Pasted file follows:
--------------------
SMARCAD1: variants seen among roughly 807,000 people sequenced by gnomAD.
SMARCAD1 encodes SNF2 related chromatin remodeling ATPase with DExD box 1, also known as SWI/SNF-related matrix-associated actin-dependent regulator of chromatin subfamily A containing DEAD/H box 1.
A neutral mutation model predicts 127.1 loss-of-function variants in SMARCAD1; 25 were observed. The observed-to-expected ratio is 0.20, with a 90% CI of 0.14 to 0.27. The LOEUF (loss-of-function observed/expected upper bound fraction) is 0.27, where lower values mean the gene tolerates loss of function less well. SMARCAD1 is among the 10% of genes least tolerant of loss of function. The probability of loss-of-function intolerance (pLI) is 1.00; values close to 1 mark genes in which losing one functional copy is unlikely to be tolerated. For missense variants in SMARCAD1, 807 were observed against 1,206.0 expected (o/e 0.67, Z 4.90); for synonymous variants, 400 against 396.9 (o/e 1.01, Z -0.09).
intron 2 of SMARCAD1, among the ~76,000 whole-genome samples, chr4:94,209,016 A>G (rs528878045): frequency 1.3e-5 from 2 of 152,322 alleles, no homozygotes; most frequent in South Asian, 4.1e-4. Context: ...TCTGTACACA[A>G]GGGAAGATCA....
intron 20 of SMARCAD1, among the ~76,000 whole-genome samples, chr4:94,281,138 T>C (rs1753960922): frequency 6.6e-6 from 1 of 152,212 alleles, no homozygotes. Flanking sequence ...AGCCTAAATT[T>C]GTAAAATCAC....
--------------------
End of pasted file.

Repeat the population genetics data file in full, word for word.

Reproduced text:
SMARCAD1: variants seen among roughly 807,000 people sequenced by gnomAD.
SMARCAD1 encodes SNF2 related chromatin remodeling ATPase with DExD box 1, also known as SWI/SNF-related matrix-associated actin-dependent regulator of chromatin subfamily A containing DEAD/H box 1.
A neutral mutation model predicts 127.1 loss-of-function variants in SMARCAD1; 25 were observed. The observed-to-expected ratio is 0.20, with a 90% CI of 0.14 to 0.27. The LOEUF (loss-of-function observed/expected upper bound fraction) is 0.27, where lower values mean the gene tolerates loss of function less well. SMARCAD1 is among the 10% of genes least tolerant of loss of function. The probability of loss-of-function intolerance (pLI) is 1.00; values close to 1 mark genes in which losing one functional copy is unlikely to be tolerated. For missense variants in SMARCAD1, 807 were observed against 1,206.0 expected (o/e 0.67, Z 4.90); for synonymous variants, 400 against 396.9 (o/e 1.01, Z -0.09).
intron 2 of SMARCAD1, among the ~76,000 whole-genome samples, chr4:94,209,016 A>G (rs528878045): frequency 1.3e-5 from 2 of 152,322 alleles, no homozygotes; most frequent in South Asian, 4.1e-4. Context: ...TCTGTACACA[A>G]GGGAAGATCA....
intron 20 of SMARCAD1, among the ~76,000 whole-genome samples, chr4:94,281,138 T>C (rs1753960922): frequency 6.6e-6 from 1 of 152,212 alleles, no homozygotes. Flanking sequence ...AGCCTAAATT[T>C]GTAAAATCAC....